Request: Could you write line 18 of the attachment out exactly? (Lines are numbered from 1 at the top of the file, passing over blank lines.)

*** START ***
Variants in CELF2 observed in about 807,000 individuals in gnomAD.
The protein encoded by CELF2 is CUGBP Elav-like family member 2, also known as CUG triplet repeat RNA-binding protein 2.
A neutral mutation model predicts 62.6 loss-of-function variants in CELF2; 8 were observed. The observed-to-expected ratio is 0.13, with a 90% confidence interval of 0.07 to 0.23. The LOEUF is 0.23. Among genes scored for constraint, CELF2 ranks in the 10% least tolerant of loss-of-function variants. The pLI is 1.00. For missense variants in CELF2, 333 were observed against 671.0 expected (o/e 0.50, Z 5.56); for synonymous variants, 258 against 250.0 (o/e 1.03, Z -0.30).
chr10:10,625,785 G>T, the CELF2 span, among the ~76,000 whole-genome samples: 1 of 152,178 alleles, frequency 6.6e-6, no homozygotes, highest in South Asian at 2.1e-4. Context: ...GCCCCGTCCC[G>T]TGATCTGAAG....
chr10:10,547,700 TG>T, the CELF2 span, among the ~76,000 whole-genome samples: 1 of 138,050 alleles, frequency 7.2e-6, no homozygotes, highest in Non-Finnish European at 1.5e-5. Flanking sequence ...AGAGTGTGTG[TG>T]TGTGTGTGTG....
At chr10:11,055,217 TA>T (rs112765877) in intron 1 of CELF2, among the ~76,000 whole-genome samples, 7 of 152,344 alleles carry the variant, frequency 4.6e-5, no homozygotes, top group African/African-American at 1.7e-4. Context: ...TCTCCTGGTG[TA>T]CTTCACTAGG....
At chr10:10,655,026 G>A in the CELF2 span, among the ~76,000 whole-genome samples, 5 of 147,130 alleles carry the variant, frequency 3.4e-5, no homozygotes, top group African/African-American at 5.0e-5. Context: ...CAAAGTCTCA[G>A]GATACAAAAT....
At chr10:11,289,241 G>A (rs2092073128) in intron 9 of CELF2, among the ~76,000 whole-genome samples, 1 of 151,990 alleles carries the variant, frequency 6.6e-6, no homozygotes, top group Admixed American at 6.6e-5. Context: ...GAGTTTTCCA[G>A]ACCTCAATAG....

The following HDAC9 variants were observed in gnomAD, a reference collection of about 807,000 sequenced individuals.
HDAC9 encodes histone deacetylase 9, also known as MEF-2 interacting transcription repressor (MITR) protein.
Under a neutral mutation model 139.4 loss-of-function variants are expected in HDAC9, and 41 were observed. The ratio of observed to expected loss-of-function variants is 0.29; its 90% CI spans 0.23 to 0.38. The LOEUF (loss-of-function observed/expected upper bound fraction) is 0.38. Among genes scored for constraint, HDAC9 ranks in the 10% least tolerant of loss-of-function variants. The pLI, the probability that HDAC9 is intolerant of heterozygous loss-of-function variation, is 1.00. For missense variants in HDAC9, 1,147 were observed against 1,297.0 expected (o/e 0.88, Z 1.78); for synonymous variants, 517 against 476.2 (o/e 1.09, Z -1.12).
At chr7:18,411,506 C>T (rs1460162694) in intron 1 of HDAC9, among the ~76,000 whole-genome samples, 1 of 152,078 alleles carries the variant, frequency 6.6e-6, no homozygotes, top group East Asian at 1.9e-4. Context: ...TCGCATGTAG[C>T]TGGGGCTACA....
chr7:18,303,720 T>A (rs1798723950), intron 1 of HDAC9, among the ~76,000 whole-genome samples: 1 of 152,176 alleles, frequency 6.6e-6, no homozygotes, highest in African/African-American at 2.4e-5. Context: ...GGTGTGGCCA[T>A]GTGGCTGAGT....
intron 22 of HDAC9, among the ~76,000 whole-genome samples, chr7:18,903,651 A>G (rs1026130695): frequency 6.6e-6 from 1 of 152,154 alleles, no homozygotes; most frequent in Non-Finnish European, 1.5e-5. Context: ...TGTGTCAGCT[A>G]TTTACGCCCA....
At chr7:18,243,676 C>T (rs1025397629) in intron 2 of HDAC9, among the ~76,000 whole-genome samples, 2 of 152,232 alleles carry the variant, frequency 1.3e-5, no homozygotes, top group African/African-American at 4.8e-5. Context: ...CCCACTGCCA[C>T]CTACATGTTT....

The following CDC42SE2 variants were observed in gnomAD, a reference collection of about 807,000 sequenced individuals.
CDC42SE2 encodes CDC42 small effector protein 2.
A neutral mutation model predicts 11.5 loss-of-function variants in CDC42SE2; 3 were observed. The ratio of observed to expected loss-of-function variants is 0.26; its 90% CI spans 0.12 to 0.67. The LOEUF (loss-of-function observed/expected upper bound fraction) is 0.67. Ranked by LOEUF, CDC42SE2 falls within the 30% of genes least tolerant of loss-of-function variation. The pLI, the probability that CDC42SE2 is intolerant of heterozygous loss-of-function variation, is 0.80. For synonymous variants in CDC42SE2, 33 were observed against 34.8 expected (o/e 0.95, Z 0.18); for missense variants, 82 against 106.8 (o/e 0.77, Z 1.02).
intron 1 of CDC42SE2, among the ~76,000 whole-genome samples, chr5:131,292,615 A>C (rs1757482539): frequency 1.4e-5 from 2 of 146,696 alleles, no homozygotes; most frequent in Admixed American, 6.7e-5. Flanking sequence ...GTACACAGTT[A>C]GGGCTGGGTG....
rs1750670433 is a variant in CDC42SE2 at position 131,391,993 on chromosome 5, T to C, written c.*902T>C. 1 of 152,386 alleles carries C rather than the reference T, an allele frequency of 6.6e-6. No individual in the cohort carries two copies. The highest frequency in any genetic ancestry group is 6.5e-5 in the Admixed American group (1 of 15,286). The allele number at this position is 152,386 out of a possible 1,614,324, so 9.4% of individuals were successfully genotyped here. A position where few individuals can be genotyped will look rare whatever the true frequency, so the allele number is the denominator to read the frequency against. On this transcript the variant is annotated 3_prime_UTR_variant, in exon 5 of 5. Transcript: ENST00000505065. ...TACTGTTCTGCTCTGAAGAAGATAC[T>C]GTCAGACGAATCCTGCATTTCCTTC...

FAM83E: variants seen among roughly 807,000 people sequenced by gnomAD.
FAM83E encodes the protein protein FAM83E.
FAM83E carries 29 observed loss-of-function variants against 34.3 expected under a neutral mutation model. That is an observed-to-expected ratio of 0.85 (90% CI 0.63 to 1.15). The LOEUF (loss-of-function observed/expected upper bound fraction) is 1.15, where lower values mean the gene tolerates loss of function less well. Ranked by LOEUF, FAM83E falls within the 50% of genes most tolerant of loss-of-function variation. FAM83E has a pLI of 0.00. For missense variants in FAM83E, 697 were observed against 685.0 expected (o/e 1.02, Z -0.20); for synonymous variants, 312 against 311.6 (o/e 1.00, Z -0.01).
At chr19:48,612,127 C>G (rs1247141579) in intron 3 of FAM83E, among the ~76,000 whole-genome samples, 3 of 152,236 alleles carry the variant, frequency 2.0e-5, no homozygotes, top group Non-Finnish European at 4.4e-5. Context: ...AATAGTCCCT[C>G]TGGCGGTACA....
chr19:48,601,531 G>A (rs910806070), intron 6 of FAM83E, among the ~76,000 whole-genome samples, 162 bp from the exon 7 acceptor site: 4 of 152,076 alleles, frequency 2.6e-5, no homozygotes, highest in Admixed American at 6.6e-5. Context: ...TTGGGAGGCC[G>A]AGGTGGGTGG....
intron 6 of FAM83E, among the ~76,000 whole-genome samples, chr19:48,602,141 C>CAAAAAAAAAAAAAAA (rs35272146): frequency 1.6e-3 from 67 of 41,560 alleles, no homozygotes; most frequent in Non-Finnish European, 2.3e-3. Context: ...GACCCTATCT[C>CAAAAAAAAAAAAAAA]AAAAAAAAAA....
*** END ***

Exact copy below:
A neutral mutation model predicts 11.5 loss-of-function variants in CDC42SE2; 3 were observed. The ratio of observed to expected loss-of-function variants is 0.26; its 90% CI spans 0.12 to 0.67. The LOEUF (loss-of-function observed/expected upper bound fraction) is 0.67. Ranked by LOEUF, CDC42SE2 falls within the 30% of genes least tolerant of loss-of-function variation. The pLI, the probability that CDC42SE2 is intolerant of heterozygous loss-of-function variation, is 0.80. For synonymous variants in CDC42SE2, 33 were observed against 34.8 expected (o/e 0.95, Z 0.18); for missense variants, 82 against 106.8 (o/e 0.77, Z 1.02).